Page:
Some of the best social media campaigns in the last couple of years have been by charities. The 'Movember' campaign, which originally began in 2003 to fundraise for men's health, has raised over £60 million pounds and continues to be a massive hit year after year.
Other success stories include the #nomakeupselfie campaign, which raised £8 million in just one week and the most notorious viral campaign ever, 'The Ice Bucket Challenge'. In aid of the Motor Neurone Disease Association, the 'Ice Bucket Challenge' brought in around $80 million dollars to help patients with Amyotrophic Lateral Sclerosis, a neurological disease which currently has no cure.
The campaigns listed above demonstrate how engaged people can become with nonprofit campaigns and how far they can go in terms of their ability to raise money and encourage awareness. In Google's ' 'Year in Search 2014' video, Benedict Cumberbatch and Justin Timberlake do the 'Ice Bucket Challenge' showing just how far the campaign went in terms of its popularity.
It's difficult to imagine a for profit organisation capturing the public's attention so readily. Many organisations have partnered with charities in recent years, including Marks and Spencer with Oxfam and Boots and Macmillan. Clearly good for the reputation of a multinational company, the charities profit too, with increased funding through sponsorships and the secure access to new networks and people which may have been out of their reach before.
But what can private companies learn from the likes of Cancer Research and UNICEF in terms of marketing? First and foremost, the success of the campaigns above are testament to the importance of content. Content Marketing might be a buzzword confined to 2014, but its influence cannot be underestimated going into this year. It's unlikely that a for profit campaign would ever pick up the steam seen with the Ice Bucket Challenge due to the fact that people aren't generally comfortable doing something which raises awareness for a company that pursues its own profits, but prompting an action from your users, seen with the 'Movember' and the 'Ice Bucket' campaigns seem to be the way forward.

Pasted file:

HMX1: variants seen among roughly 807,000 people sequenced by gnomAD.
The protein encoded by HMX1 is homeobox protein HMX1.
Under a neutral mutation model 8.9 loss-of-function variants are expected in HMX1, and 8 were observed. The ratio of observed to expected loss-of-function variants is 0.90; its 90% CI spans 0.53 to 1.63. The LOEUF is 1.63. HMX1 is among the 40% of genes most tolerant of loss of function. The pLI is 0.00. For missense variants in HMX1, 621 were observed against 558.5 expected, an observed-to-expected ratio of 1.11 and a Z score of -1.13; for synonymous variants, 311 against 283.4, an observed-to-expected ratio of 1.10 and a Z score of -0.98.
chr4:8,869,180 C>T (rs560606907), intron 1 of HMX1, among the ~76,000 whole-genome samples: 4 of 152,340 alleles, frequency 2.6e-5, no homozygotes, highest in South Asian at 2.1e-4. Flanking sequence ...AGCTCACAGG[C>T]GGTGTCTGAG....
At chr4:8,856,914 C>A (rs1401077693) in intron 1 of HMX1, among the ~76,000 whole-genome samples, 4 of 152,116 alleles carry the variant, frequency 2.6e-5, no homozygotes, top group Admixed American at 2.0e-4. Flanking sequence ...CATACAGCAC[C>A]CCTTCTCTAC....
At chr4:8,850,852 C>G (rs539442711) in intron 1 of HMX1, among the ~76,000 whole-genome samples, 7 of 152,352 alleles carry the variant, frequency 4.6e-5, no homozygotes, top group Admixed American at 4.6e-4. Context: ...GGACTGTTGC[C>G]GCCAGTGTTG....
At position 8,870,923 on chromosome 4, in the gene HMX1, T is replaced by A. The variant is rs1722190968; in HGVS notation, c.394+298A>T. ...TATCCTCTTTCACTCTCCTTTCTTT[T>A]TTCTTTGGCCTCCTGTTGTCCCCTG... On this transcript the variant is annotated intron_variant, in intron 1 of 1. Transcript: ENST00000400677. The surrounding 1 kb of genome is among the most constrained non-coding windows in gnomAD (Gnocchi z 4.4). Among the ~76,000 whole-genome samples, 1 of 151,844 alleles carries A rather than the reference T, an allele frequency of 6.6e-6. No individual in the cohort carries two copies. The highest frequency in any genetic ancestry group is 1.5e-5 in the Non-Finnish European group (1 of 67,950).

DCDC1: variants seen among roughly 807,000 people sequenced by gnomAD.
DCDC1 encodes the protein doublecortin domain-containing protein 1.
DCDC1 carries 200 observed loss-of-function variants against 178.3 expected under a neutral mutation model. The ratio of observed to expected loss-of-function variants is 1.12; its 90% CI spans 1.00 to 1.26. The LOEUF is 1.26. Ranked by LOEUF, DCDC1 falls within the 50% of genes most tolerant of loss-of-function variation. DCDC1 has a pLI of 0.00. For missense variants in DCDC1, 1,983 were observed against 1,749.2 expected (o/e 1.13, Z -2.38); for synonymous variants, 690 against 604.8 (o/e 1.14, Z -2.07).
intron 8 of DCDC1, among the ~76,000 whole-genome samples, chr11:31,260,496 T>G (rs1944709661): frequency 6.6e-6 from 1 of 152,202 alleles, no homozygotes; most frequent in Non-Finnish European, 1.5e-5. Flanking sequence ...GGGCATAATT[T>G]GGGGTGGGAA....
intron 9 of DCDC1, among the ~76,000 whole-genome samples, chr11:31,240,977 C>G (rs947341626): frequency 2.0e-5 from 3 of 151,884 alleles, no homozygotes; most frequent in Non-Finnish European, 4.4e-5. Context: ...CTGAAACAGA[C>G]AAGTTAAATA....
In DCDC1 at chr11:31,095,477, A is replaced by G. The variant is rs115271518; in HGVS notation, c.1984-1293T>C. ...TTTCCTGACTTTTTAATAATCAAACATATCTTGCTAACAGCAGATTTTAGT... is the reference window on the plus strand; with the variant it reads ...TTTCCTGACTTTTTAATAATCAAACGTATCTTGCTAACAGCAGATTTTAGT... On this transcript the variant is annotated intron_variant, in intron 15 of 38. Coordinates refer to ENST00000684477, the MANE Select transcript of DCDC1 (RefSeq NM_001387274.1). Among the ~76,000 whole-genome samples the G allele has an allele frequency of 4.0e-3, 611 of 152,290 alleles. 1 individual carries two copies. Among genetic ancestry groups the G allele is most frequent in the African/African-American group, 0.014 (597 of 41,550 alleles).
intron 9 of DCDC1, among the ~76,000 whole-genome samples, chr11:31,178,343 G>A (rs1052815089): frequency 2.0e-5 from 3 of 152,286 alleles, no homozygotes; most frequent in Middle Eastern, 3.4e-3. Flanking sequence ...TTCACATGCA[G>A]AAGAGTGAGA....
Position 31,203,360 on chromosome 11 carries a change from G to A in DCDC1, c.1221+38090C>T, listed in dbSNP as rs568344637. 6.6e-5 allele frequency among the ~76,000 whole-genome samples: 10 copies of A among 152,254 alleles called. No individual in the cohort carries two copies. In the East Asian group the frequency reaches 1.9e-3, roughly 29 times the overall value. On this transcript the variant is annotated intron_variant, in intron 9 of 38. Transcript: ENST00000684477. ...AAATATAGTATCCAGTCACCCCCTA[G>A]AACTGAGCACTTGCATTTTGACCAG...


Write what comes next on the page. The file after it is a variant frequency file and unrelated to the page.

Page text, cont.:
As mentioned before, creating a campaign which rivals that of the nonprofits will be no easy feat for a private company, but if it were to come off, it would undoubtedly be a real breakthrough. The truth of the matter is that non-profit companies rival their private counterparts for creative talent now so it's no surprise that they are coming up with innovative ideas. It's now up to private companies to think about a way to create campaigns which resonate as much as those created by nonprofits do.